I’ve recently taken up doing something that will probably drive me bananas.
A small education about interpreters, ADA, and why taking sign language classes does not mean you can interpret.
It is against the law to offer anything unless you are willing to make it accessible to everyone. That’s why there are ramps to most stores, and guide dogs are allowed in places of business.
Something a lot of people may not realize though is that this law (The ADA, or Americans with Disabilities Act of 1990) also stipulates that any place of business must hire interpreters if the Deaf client needs one for communication. This applies to hospitals, companies, schools, and pretty much any place that is not a “non-profit” organization. If you make money doing it, then you are required to make it accessible. Sometimes this means Deaf people are discriminated against, because hiring an interpreter is expensive. The average hourly rate for an interpreter varies, but generally it can be between $30 – $50. (I’m not in this price range, but I’m also not up to “average” yet, as I haven’t been doing this very long).
The reasons for hiring an interpreter vary. For doctors it may be tempting to pull in the nurse from down the hall who took a few sign language classes. Unfortunately, much like some one who has taken a few German or Spanish classes, having a vocabulary does not mean you can speak the language. ASL is a very different language from English. It has its own nuances and grammatical structure, translating between the two nuances can be very difficult.
One example I can think of is, if you were at the Doctor and they said “Your prognosis is not good, you may want to get your affairs in order.” What would that mean to you? In English, it means you’re probably going to die. Soon. But, translate this sentence in signs (with out taking into account the nuances of ASL) and you might just be telling the Deaf person that literally “this future is not good” (which could mean a large multitude of things) and the phrase “Get your affairs in order” does not exist in ASL. So you would be telling them to do what? Organize their life? Translating word-for-word is not the same as interpreting. A professional interpreter would be able to handle a situation like this, leaving the Deaf person with the appropriate message.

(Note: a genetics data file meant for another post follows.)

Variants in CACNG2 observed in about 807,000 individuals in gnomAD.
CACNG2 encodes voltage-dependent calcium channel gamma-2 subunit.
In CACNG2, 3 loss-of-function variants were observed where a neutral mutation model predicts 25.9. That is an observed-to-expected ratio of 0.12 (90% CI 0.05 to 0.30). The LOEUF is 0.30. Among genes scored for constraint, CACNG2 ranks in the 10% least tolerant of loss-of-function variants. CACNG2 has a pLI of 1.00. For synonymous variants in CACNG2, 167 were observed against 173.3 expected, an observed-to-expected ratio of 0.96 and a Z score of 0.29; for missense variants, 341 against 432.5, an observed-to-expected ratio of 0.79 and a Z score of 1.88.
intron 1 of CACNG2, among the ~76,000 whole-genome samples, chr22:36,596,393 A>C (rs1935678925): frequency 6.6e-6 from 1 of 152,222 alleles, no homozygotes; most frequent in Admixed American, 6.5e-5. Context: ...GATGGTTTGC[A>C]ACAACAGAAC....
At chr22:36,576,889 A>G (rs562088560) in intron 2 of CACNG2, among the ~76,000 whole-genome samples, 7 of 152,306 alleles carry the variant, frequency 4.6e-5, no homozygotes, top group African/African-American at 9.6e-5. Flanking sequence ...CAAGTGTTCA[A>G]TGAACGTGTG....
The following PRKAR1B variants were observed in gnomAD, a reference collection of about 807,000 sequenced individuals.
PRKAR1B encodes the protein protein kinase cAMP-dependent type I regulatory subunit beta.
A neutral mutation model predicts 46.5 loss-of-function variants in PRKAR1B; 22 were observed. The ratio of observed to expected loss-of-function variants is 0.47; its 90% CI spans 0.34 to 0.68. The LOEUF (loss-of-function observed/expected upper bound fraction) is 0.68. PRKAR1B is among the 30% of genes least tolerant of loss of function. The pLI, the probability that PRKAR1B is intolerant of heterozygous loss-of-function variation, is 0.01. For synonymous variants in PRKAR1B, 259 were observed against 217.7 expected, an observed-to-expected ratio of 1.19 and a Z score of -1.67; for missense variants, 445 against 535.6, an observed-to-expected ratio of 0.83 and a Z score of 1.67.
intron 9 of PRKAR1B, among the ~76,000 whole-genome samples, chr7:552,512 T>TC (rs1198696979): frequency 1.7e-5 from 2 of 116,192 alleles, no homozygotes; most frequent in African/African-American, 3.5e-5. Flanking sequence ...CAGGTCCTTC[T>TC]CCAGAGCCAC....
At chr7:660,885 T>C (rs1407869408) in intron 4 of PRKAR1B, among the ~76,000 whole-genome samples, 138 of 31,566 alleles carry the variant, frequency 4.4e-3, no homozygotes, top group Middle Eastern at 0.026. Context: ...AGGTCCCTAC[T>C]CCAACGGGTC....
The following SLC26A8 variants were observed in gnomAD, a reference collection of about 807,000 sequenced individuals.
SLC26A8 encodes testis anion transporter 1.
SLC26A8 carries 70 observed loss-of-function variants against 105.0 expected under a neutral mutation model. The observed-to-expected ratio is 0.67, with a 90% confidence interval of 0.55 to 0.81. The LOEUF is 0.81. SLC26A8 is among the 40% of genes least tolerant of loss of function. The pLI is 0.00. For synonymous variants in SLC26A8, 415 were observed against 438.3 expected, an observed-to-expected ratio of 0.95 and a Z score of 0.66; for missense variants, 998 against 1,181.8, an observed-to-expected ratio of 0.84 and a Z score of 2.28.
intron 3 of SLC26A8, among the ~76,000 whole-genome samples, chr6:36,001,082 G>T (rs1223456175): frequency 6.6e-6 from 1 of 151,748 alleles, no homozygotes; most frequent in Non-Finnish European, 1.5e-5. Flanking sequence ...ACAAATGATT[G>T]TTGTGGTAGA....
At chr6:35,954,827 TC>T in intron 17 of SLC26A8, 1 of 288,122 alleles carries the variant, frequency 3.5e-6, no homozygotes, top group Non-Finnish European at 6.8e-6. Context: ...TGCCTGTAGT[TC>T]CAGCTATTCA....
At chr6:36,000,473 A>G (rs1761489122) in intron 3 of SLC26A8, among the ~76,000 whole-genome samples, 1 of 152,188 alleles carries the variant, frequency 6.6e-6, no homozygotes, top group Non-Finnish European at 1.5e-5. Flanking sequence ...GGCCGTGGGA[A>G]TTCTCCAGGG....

Consider the language we use in English. In colleges, doctors’ offices, banks, and churches. The language used in each of these venues varies greatly. You would never hear some one say “Jesus is the light.” in a doctor’s office, where as you would never ask some one is they’ve taken any drugs recently (“drugs”, by the way is difficult to interpret because to hearing people this could mean prescription, OTC, and illegal drugs, where as in ASL there isn’t a sign to cover these categories together, so it requires listing. Should the interpreter not include a label the include “cough syrup” the Deaf person might not think it counts in the list. Tricky Tricky.).
In Tennessee, before moving to Virginia, I did a bit of Church interpreting. Not for my own church, but at a local non-denominational church. I was paid for my work as well. Much like if the church needed to hire a plumber, they wouldn’t expect the plumber to come in a work for free – interpreting is my job. It puts a toll on my mind, and on my hands and elbows.
What I really wanted to talked about before I started ranting on about being an interpreter:
I know that my church does not pay interpreters. Some churches are not considered non-profit because the pastor (or other people involved in the management of the church) are paid by the money collected during offerings. The LDS church though is non-profit. The money they collect through offerings and tithing goes towards helping the community, and helping during disasters. The people “in-charge” of the chuch (bishops, stake presidents, etc.) are not paid for the services. This also means that the LDS church is not required to provide interpreters.
This is a bad thing. A very bad thing. Very very very bad. For many reasons.
- They take volunteers. Now generally, I am all for volunteering. Considering I currently volunteer 3 hours every Sunday to interpret, I can’t say volunteering (the action) is bad. But sometimes, when you rely on volunteer… you get what you pay for. Many of the interpreters I have worked with at church are under-qualified, and not really able to do the job well.